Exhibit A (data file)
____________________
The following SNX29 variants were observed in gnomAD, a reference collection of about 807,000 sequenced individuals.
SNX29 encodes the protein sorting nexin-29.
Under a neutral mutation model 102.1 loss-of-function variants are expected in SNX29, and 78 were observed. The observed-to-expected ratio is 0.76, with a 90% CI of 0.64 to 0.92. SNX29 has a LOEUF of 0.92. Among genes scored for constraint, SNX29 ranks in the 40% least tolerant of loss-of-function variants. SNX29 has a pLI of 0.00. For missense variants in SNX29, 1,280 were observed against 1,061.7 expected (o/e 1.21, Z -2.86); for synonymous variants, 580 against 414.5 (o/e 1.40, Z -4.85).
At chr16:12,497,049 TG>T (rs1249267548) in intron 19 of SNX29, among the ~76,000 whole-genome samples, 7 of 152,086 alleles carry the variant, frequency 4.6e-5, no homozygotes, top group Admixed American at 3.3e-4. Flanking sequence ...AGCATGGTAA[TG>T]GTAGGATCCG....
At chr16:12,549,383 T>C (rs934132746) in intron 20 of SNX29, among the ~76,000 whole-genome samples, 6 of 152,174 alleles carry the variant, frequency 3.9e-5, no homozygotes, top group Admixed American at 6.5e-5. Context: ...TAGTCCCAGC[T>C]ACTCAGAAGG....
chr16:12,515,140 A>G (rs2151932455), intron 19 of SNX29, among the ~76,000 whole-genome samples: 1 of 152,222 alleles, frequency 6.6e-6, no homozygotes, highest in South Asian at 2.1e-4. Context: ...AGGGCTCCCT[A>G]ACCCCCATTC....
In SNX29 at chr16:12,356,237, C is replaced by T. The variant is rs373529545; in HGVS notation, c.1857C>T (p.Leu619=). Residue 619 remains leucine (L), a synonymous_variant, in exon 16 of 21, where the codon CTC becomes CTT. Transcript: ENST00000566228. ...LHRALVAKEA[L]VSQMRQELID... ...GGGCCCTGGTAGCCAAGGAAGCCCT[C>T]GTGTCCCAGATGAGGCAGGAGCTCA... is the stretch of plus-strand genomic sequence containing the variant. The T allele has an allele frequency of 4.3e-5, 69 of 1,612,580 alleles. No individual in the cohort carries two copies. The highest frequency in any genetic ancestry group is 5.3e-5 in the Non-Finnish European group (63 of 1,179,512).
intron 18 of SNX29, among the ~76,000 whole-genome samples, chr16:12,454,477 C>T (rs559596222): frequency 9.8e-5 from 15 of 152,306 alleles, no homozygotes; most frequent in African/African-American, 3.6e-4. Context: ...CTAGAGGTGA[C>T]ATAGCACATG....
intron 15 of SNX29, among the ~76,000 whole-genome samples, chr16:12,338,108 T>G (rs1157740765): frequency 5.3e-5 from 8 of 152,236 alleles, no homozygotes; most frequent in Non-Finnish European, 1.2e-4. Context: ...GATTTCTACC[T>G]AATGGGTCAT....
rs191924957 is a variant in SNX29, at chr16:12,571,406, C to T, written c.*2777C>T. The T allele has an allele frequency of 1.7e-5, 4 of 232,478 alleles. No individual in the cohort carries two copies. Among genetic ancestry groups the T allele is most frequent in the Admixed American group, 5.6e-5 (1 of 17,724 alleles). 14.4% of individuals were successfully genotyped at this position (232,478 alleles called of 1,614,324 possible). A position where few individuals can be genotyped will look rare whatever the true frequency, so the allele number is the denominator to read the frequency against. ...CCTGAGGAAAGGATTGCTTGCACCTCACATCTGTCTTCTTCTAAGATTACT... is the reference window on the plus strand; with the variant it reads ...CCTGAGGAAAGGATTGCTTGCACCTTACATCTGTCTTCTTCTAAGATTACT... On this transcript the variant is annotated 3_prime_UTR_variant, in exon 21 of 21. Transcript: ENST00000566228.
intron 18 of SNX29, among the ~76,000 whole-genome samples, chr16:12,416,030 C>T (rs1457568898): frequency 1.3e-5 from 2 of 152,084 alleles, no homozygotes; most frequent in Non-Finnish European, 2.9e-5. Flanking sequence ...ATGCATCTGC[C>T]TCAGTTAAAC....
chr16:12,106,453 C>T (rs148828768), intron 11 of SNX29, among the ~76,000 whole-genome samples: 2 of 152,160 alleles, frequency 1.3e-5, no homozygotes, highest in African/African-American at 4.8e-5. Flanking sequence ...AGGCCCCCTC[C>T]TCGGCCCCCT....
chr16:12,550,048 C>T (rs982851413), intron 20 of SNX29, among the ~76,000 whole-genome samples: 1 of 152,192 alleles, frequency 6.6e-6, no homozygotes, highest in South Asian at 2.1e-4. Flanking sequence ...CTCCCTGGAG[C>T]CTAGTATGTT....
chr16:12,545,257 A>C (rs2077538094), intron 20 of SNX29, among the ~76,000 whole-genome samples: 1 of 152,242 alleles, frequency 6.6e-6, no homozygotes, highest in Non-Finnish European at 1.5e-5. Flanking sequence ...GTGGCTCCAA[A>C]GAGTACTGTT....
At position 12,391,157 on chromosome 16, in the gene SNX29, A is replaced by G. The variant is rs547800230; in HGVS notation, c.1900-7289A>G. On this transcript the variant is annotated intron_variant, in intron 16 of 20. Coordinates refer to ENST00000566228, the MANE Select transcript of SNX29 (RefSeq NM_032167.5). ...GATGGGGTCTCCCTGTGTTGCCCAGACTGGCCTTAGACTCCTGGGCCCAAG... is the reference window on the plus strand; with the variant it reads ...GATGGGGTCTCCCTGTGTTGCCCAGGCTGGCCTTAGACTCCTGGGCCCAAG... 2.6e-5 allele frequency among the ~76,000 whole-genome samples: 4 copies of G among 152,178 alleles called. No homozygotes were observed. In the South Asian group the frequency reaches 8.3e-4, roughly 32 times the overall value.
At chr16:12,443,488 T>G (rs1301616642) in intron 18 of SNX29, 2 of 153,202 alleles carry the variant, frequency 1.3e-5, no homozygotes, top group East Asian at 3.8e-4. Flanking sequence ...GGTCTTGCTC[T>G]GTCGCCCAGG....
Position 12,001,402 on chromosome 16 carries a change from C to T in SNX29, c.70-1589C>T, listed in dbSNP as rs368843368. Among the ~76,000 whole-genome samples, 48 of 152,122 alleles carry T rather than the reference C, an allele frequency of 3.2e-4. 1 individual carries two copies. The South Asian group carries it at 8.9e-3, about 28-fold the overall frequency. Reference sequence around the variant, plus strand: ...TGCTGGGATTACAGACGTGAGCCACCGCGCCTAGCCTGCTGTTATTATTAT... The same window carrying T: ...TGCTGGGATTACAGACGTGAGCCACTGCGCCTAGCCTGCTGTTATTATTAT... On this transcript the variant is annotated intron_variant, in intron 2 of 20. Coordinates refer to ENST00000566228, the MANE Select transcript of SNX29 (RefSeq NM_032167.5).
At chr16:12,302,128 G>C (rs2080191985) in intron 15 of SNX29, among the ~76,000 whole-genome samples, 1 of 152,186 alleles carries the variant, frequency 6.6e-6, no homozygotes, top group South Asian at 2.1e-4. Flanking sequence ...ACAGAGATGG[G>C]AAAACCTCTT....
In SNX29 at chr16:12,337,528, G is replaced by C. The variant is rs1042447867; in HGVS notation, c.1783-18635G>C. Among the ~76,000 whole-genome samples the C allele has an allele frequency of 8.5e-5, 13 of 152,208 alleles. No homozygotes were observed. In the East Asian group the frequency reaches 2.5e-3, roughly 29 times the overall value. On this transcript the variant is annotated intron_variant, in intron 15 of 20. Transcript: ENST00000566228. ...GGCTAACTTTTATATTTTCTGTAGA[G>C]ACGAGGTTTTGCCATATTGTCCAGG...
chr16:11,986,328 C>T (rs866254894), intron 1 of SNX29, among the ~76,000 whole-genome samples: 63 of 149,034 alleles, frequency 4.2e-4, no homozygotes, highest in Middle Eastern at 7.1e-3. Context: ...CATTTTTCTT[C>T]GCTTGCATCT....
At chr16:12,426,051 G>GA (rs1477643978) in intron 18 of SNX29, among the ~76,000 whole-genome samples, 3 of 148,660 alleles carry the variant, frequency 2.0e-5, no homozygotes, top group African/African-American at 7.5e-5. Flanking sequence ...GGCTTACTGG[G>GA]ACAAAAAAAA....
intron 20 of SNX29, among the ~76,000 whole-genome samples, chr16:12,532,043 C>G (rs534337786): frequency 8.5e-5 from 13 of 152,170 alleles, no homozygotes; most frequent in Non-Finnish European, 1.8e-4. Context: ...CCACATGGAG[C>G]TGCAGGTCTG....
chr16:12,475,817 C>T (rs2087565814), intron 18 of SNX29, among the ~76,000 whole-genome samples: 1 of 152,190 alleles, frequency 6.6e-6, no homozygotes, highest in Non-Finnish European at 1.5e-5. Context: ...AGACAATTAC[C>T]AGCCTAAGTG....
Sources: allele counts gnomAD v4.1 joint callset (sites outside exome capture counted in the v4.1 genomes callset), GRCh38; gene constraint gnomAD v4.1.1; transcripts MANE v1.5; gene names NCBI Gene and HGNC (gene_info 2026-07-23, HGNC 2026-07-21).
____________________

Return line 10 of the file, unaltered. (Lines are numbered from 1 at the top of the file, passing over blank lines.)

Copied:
rs191924957 is a variant in SNX29, at chr16:12,571,406, C to T, written c.*2777C>T. The T allele has an allele frequency of 1.7e-5, 4 of 232,478 alleles. No individual in the cohort carries two copies. Among genetic ancestry groups the T allele is most frequent in the Admixed American group, 5.6e-5 (1 of 17,724 alleles). 14.4% of individuals were successfully genotyped at this position (232,478 alleles called of 1,614,324 possible). A position where few individuals can be genotyped will look rare whatever the true frequency, so the allele number is the denominator to read the frequency against. ...CCTGAGGAAAGGATTGCTTGCACCTCACATCTGTCTTCTTCTAAGATTACT... is the reference window on the plus strand; with the variant it reads ...CCTGAGGAAAGGATTGCTTGCACCTTACATCTGTCTTCTTCTAAGATTACT... On this transcript the variant is annotated 3_prime_UTR_variant, in exon 21 of 21. Transcript: ENST00000566228.